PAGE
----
Statistical algorithms for a comprehensive test ban treaty discrimination framework

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Seismic discrimination is the process of identifying a candidate seismic event as an earthquake or explosion using information from seismic waveform features (seismic discriminants). In the CTBT setting, low energy seismic activity must be detected and identified. A defensible CTBT discrimination decision requires an understanding of false-negative (declaring an event to be an earthquake given it is an explosion) and false-position (declaring an event to be an explosion given it is an earthquake) rates. These rates are derived from a statistical discrimination framework. A discrimination framework can be as simple as a single statistical algorithm or it can be a ... continued below

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23 p.

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Foote, N.D.; Anderson, D.N.; Higbee, K.T.; Miller, N.E.; Redgate, T.; Rohay, A.C. et al. October 1, 1996.

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Description

Seismic discrimination is the process of identifying a candidate seismic event as an earthquake or explosion using information from seismic waveform features (seismic discriminants). In the CTBT setting, low energy seismic activity must be detected and identified. A defensible CTBT discrimination decision requires an understanding of false-negative (declaring an event to be an earthquake given it is an explosion) and false-position (declaring an event to be an explosion given it is an earthquake) rates. These rates are derived from a statistical discrimination framework. A discrimination framework can be as simple as a single statistical algorithm or it can be a mathematical construct that integrates many different types of statistical algorithms and CTBT technologies. In either case, the result is the identification of an event and the numerical assessment of the accuracy of an identification, that is, false-negative and false-positive rates. In Anderson et al., eight statistical discrimination algorithms are evaluated relative to their ability to give results that effectively contribute to a decision process and to be interpretable with physical (seismic) theory. These algorithms can be discrimination frameworks individually or components of a larger framework. The eight algorithms are linear discrimination (LDA), quadratic discrimination (QDA), variably regularized discrimination (VRDA), flexible discrimination (FDA), logistic discrimination, K-th nearest neighbor (KNN), kernel discrimination, and classification and regression trees (CART). In this report, the performance of these eight algorithms, as applied to regional seismic data, is documented. Based on the findings in Anderson et al. and this analysis: CART is an appropriate algorithm for an automated CTBT setting.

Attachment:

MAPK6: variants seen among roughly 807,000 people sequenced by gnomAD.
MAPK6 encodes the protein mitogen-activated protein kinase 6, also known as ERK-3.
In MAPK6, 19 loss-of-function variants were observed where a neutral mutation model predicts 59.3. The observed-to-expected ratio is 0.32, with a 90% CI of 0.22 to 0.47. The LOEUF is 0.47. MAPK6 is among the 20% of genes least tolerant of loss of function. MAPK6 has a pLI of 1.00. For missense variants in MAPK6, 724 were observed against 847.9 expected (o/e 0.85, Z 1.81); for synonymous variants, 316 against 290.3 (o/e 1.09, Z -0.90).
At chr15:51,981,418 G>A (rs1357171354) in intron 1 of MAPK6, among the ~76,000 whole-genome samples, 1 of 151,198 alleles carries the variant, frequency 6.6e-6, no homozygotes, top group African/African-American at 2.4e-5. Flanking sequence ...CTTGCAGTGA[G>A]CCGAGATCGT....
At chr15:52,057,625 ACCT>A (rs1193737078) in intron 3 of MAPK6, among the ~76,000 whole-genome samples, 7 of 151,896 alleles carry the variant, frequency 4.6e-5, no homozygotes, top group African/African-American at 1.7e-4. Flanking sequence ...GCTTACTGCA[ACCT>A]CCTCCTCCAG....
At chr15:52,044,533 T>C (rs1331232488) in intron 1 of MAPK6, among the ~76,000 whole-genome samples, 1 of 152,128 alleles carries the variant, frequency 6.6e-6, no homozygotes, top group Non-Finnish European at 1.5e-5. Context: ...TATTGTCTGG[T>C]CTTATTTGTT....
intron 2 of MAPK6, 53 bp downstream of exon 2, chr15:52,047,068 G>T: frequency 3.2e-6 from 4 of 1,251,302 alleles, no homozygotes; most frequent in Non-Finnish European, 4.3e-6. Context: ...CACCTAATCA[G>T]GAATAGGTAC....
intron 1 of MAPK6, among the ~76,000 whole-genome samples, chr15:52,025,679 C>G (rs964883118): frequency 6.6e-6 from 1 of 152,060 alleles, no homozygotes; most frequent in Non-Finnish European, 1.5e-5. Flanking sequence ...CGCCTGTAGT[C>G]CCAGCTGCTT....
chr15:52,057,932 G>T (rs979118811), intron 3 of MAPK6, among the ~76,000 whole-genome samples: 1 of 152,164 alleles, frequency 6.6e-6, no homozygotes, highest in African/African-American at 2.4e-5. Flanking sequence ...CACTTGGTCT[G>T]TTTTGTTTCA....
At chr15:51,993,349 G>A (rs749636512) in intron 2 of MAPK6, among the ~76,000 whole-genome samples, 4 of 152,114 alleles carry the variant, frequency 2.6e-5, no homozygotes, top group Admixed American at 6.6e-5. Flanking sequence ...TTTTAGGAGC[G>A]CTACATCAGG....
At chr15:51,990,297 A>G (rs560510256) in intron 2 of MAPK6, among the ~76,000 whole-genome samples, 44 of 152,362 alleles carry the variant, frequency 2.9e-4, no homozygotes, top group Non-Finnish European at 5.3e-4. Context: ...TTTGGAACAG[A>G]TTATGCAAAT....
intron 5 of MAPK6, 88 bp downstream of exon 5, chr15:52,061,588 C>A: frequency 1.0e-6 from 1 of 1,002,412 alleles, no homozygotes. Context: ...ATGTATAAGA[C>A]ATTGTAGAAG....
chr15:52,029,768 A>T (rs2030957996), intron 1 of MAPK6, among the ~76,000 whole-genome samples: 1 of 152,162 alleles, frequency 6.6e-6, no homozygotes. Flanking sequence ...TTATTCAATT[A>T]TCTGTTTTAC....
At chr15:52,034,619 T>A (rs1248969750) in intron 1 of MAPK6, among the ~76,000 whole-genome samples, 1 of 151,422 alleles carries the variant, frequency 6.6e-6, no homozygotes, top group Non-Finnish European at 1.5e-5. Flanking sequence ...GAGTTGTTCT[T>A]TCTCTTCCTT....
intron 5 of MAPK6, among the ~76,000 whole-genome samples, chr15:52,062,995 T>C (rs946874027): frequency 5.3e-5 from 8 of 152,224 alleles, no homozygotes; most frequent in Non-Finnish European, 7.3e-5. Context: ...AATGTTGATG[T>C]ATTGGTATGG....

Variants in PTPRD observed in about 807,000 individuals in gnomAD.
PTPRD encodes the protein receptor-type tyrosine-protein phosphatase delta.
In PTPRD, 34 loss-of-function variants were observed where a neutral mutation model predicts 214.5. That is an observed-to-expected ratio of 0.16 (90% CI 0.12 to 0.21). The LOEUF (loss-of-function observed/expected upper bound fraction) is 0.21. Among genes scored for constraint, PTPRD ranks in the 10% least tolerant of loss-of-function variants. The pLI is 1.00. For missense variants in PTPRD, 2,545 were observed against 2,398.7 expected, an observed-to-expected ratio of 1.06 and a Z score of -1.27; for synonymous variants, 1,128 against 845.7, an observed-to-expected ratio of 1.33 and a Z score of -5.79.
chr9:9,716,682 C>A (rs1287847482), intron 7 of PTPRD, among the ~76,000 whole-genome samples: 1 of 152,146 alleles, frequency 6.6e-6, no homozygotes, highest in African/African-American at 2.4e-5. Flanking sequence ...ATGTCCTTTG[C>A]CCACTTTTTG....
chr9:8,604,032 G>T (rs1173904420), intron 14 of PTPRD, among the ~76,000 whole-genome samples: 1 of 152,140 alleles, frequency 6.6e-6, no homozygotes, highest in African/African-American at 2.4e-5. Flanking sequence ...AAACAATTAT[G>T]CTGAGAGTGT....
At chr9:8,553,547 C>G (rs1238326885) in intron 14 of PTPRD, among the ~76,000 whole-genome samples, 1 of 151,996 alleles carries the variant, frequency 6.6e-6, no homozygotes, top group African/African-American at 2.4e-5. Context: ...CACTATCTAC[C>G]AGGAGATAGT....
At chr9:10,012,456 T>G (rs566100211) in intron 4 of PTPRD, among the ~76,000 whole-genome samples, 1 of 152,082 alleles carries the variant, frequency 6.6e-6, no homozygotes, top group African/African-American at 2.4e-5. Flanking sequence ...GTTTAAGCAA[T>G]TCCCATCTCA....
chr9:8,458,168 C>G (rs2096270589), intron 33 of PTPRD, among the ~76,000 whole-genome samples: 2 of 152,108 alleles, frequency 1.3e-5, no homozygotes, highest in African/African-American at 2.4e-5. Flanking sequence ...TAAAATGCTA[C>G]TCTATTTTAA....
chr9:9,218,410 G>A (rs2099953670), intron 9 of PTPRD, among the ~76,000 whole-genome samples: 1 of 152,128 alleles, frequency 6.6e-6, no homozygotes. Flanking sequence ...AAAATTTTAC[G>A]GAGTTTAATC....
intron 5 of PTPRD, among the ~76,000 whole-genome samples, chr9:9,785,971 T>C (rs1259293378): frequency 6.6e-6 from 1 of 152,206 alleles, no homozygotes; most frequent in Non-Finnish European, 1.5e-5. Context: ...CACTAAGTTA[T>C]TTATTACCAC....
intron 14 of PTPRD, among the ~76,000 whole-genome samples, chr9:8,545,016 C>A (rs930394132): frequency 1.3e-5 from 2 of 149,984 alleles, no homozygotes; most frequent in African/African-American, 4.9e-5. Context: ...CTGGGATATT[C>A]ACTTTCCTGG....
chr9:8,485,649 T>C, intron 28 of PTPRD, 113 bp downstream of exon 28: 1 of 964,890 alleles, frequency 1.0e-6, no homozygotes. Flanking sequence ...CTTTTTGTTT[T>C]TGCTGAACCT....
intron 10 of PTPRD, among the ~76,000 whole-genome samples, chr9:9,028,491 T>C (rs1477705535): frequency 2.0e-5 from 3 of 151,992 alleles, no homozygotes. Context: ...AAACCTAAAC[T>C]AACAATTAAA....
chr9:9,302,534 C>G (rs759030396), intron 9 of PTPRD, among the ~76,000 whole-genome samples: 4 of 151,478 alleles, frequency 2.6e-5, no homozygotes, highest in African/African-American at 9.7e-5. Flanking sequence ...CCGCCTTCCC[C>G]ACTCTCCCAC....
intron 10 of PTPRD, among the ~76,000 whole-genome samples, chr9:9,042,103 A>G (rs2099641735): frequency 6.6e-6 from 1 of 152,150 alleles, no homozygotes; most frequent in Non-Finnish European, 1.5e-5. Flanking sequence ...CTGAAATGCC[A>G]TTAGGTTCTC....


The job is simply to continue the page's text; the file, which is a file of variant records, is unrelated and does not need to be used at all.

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23 p.

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OSTI as DE97050699

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  • Other Information: PBD: Oct 1996

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  • Other: DE97050699
  • Report No.: PNNL--11337
  • Grant Number: AC06-76RL01830
  • DOI: 10.2172/418461 | External Link
  • Office of Scientific & Technical Information Report Number: 418461
  • Archival Resource Key: ark:/67531/metadc675994

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  • October 1, 1996

Added to The UNT Digital Library

  • July 25, 2015, 2:20 a.m.

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  • April 6, 2016, 2:56 p.m.

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Foote, N.D.; Anderson, D.N.; Higbee, K.T.; Miller, N.E.; Redgate, T.; Rohay, A.C. et al. Statistical algorithms for a comprehensive test ban treaty discrimination framework, report, October 1, 1996; Richland, Washington. (digital.library.unt.edu/ark:/67531/metadc675994/: accessed December 11, 2018), University of North Texas Libraries, Digital Library, digital.library.unt.edu; crediting UNT Libraries Government Documents Department.